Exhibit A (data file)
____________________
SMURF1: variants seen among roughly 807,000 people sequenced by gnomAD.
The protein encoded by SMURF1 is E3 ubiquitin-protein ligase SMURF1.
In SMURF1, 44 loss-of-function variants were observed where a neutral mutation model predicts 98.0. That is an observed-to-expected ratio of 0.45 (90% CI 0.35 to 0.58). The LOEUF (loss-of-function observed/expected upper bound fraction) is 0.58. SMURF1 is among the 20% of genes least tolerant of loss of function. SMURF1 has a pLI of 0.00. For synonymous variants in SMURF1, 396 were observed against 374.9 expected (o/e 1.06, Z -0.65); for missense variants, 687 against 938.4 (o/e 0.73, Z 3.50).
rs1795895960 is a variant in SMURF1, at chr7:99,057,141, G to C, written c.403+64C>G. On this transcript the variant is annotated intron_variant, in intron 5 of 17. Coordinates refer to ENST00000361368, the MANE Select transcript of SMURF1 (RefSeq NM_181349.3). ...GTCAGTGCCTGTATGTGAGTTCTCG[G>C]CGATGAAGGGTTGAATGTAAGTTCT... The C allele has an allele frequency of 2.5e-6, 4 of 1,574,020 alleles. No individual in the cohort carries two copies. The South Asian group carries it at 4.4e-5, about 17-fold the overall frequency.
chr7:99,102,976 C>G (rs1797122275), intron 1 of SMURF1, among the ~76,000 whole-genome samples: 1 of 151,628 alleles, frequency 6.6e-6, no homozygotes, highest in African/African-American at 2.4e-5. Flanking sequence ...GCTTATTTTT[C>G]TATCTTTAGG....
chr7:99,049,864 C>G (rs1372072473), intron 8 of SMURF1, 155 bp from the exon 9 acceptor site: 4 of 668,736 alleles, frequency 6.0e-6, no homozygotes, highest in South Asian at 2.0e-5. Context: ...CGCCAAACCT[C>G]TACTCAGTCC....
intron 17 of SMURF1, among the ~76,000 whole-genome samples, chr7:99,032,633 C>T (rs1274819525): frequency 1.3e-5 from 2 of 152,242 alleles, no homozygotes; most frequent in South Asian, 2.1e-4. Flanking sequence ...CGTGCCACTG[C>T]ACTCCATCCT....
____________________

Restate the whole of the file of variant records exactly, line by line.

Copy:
SMURF1: variants seen among roughly 807,000 people sequenced by gnomAD.
The protein encoded by SMURF1 is E3 ubiquitin-protein ligase SMURF1.
In SMURF1, 44 loss-of-function variants were observed where a neutral mutation model predicts 98.0. That is an observed-to-expected ratio of 0.45 (90% CI 0.35 to 0.58). The LOEUF (loss-of-function observed/expected upper bound fraction) is 0.58. SMURF1 is among the 20% of genes least tolerant of loss of function. SMURF1 has a pLI of 0.00. For synonymous variants in SMURF1, 396 were observed against 374.9 expected (o/e 1.06, Z -0.65); for missense variants, 687 against 938.4 (o/e 0.73, Z 3.50).
rs1795895960 is a variant in SMURF1, at chr7:99,057,141, G to C, written c.403+64C>G. On this transcript the variant is annotated intron_variant, in intron 5 of 17. Coordinates refer to ENST00000361368, the MANE Select transcript of SMURF1 (RefSeq NM_181349.3). ...GTCAGTGCCTGTATGTGAGTTCTCG[G>C]CGATGAAGGGTTGAATGTAAGTTCT... The C allele has an allele frequency of 2.5e-6, 4 of 1,574,020 alleles. No individual in the cohort carries two copies. The South Asian group carries it at 4.4e-5, about 17-fold the overall frequency.
chr7:99,102,976 C>G (rs1797122275), intron 1 of SMURF1, among the ~76,000 whole-genome samples: 1 of 151,628 alleles, frequency 6.6e-6, no homozygotes, highest in African/African-American at 2.4e-5. Flanking sequence ...GCTTATTTTT[C>G]TATCTTTAGG....
chr7:99,049,864 C>G (rs1372072473), intron 8 of SMURF1, 155 bp from the exon 9 acceptor site: 4 of 668,736 alleles, frequency 6.0e-6, no homozygotes, highest in South Asian at 2.0e-5. Context: ...CGCCAAACCT[C>G]TACTCAGTCC....
intron 17 of SMURF1, among the ~76,000 whole-genome samples, chr7:99,032,633 C>T (rs1274819525): frequency 1.3e-5 from 2 of 152,242 alleles, no homozygotes; most frequent in South Asian, 2.1e-4. Flanking sequence ...CGTGCCACTG[C>T]ACTCCATCCT....